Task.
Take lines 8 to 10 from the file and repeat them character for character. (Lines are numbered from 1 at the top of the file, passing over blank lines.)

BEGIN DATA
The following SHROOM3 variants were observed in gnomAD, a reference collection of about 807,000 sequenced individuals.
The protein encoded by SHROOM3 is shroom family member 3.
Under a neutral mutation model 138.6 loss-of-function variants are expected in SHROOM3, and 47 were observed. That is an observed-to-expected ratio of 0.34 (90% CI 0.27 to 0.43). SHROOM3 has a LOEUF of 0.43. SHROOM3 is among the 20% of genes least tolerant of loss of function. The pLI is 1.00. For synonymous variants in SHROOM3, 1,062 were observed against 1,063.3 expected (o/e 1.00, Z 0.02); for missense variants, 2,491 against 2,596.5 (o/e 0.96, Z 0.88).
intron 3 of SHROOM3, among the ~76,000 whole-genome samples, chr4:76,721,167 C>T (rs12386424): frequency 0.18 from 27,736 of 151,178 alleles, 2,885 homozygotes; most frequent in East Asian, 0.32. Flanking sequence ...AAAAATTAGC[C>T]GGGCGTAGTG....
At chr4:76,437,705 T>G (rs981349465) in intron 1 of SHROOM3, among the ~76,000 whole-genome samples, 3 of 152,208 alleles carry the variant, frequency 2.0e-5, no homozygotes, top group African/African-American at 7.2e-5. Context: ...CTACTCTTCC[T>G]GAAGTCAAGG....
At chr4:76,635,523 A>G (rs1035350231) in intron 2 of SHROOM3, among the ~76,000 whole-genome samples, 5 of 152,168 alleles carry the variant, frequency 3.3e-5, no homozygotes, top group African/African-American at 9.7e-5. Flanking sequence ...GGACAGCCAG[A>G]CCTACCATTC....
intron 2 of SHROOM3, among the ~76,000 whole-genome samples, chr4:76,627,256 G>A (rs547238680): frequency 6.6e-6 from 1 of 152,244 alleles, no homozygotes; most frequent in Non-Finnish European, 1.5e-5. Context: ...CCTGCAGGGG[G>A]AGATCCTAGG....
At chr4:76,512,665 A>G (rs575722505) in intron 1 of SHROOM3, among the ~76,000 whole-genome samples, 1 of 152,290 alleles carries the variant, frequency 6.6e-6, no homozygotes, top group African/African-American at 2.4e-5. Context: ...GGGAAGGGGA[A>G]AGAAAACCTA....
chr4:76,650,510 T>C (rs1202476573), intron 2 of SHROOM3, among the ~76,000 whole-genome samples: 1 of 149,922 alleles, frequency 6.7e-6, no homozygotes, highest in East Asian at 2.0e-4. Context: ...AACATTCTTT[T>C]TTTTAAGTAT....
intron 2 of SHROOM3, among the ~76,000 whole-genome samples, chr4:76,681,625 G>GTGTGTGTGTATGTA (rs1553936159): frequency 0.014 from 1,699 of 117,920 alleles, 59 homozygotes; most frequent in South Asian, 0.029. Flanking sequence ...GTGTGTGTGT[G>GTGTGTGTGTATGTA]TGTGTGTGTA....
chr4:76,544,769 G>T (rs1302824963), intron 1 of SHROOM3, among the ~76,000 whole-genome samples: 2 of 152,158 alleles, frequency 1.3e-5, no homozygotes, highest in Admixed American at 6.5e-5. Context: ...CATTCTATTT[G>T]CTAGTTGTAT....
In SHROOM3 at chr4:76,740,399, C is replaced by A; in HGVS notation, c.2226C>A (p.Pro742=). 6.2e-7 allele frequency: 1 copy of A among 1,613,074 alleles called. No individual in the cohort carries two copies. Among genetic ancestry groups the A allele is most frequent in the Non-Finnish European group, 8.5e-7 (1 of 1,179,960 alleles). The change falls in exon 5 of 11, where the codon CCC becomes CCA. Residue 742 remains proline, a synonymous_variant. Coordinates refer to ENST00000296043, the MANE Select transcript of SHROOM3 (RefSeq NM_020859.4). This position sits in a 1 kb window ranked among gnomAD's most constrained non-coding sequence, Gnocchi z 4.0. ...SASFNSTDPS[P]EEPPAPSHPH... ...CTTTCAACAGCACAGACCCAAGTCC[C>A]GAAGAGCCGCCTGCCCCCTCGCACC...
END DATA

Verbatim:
At chr4:76,512,665 A>G (rs575722505) in intron 1 of SHROOM3, among the ~76,000 whole-genome samples, 1 of 152,290 alleles carries the variant, frequency 6.6e-6, no homozygotes, top group African/African-American at 2.4e-5. Context: ...GGGAAGGGGA[A>G]AGAAAACCTA....
chr4:76,650,510 T>C (rs1202476573), intron 2 of SHROOM3, among the ~76,000 whole-genome samples: 1 of 149,922 alleles, frequency 6.7e-6, no homozygotes, highest in East Asian at 2.0e-4. Context: ...AACATTCTTT[T>C]TTTTAAGTAT....
intron 2 of SHROOM3, among the ~76,000 whole-genome samples, chr4:76,681,625 G>GTGTGTGTGTATGTA (rs1553936159): frequency 0.014 from 1,699 of 117,920 alleles, 59 homozygotes; most frequent in South Asian, 0.029. Flanking sequence ...GTGTGTGTGT[G>GTGTGTGTGTATGTA]TGTGTGTGTA....